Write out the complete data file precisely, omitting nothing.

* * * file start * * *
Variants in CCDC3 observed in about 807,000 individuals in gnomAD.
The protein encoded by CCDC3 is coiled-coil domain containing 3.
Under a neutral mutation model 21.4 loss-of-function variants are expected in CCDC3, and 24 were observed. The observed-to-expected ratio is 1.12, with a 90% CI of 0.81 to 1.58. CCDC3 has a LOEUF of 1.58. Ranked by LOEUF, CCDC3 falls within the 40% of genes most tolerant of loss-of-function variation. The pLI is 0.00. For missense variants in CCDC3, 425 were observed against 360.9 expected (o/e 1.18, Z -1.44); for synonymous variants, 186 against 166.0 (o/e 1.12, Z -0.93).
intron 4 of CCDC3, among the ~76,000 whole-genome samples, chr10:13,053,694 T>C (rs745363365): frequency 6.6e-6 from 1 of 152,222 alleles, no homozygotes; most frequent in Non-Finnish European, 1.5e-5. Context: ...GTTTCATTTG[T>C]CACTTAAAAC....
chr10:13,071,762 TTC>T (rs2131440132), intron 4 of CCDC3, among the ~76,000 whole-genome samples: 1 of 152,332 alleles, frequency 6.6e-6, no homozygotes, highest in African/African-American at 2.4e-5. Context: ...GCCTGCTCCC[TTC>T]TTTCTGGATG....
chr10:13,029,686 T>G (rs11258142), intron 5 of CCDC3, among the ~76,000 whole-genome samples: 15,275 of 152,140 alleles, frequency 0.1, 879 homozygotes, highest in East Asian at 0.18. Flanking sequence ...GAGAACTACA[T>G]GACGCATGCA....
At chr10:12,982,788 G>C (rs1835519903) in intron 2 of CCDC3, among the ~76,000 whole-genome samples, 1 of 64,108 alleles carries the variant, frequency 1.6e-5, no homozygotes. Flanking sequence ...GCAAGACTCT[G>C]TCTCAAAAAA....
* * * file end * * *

Variants in CCDC3 observed in about 807,000 individuals in gnomAD.
The protein encoded by CCDC3 is coiled-coil domain containing 3.
Under a neutral mutation model 21.4 loss-of-function variants are expected in CCDC3, and 24 were observed. The observed-to-expected ratio is 1.12, with a 90% CI of 0.81 to 1.58. CCDC3 has a LOEUF of 1.58. Ranked by LOEUF, CCDC3 falls within the 40% of genes most tolerant of loss-of-function variation. The pLI is 0.00. For missense variants in CCDC3, 425 were observed against 360.9 expected (o/e 1.18, Z -1.44); for synonymous variants, 186 against 166.0 (o/e 1.12, Z -0.93).
intron 4 of CCDC3, among the ~76,000 whole-genome samples, chr10:13,053,694 T>C (rs745363365): frequency 6.6e-6 from 1 of 152,222 alleles, no homozygotes; most frequent in Non-Finnish European, 1.5e-5. Context: ...GTTTCATTTG[T>C]CACTTAAAAC....
chr10:13,071,762 TTC>T (rs2131440132), intron 4 of CCDC3, among the ~76,000 whole-genome samples: 1 of 152,332 alleles, frequency 6.6e-6, no homozygotes, highest in African/African-American at 2.4e-5. Context: ...GCCTGCTCCC[TTC>T]TTTCTGGATG....
chr10:13,029,686 T>G (rs11258142), intron 5 of CCDC3, among the ~76,000 whole-genome samples: 15,275 of 152,140 alleles, frequency 0.1, 879 homozygotes, highest in East Asian at 0.18. Flanking sequence ...GAGAACTACA[T>G]GACGCATGCA....
At chr10:12,982,788 G>C (rs1835519903) in intron 2 of CCDC3, among the ~76,000 whole-genome samples, 1 of 64,108 alleles carries the variant, frequency 1.6e-5, no homozygotes. Flanking sequence ...GCAAGACTCT[G>C]TCTCAAAAAA....